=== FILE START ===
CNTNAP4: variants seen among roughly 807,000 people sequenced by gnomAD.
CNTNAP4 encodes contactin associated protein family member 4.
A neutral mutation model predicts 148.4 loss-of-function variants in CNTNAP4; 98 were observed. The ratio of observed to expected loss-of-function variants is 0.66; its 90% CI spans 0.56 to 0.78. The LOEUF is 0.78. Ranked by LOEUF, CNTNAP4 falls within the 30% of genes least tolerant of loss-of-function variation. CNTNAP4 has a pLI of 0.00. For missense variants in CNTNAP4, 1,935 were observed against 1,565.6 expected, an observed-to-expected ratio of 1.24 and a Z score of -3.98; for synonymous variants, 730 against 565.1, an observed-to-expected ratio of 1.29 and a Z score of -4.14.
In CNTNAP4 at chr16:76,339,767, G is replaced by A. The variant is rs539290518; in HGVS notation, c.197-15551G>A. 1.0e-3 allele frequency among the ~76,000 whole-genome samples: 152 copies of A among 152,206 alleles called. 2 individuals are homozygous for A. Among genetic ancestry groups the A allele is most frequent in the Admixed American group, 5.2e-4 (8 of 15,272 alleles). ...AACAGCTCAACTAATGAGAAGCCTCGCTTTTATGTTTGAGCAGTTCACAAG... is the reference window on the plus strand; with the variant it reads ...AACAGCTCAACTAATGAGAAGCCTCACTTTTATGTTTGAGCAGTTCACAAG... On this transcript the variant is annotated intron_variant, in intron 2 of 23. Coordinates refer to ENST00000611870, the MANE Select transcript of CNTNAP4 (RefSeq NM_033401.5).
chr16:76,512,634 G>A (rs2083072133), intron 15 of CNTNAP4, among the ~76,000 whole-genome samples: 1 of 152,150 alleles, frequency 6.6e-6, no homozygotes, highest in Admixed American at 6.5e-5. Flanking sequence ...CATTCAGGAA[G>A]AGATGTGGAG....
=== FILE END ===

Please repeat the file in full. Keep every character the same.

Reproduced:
CNTNAP4: variants seen among roughly 807,000 people sequenced by gnomAD.
CNTNAP4 encodes contactin associated protein family member 4.
A neutral mutation model predicts 148.4 loss-of-function variants in CNTNAP4; 98 were observed. The ratio of observed to expected loss-of-function variants is 0.66; its 90% CI spans 0.56 to 0.78. The LOEUF is 0.78. Ranked by LOEUF, CNTNAP4 falls within the 30% of genes least tolerant of loss-of-function variation. CNTNAP4 has a pLI of 0.00. For missense variants in CNTNAP4, 1,935 were observed against 1,565.6 expected, an observed-to-expected ratio of 1.24 and a Z score of -3.98; for synonymous variants, 730 against 565.1, an observed-to-expected ratio of 1.29 and a Z score of -4.14.
In CNTNAP4 at chr16:76,339,767, G is replaced by A. The variant is rs539290518; in HGVS notation, c.197-15551G>A. 1.0e-3 allele frequency among the ~76,000 whole-genome samples: 152 copies of A among 152,206 alleles called. 2 individuals are homozygous for A. Among genetic ancestry groups the A allele is most frequent in the Admixed American group, 5.2e-4 (8 of 15,272 alleles). ...AACAGCTCAACTAATGAGAAGCCTCGCTTTTATGTTTGAGCAGTTCACAAG... is the reference window on the plus strand; with the variant it reads ...AACAGCTCAACTAATGAGAAGCCTCACTTTTATGTTTGAGCAGTTCACAAG... On this transcript the variant is annotated intron_variant, in intron 2 of 23. Coordinates refer to ENST00000611870, the MANE Select transcript of CNTNAP4 (RefSeq NM_033401.5).
chr16:76,512,634 G>A (rs2083072133), intron 15 of CNTNAP4, among the ~76,000 whole-genome samples: 1 of 152,150 alleles, frequency 6.6e-6, no homozygotes, highest in Admixed American at 6.5e-5. Flanking sequence ...CATTCAGGAA[G>A]AGATGTGGAG....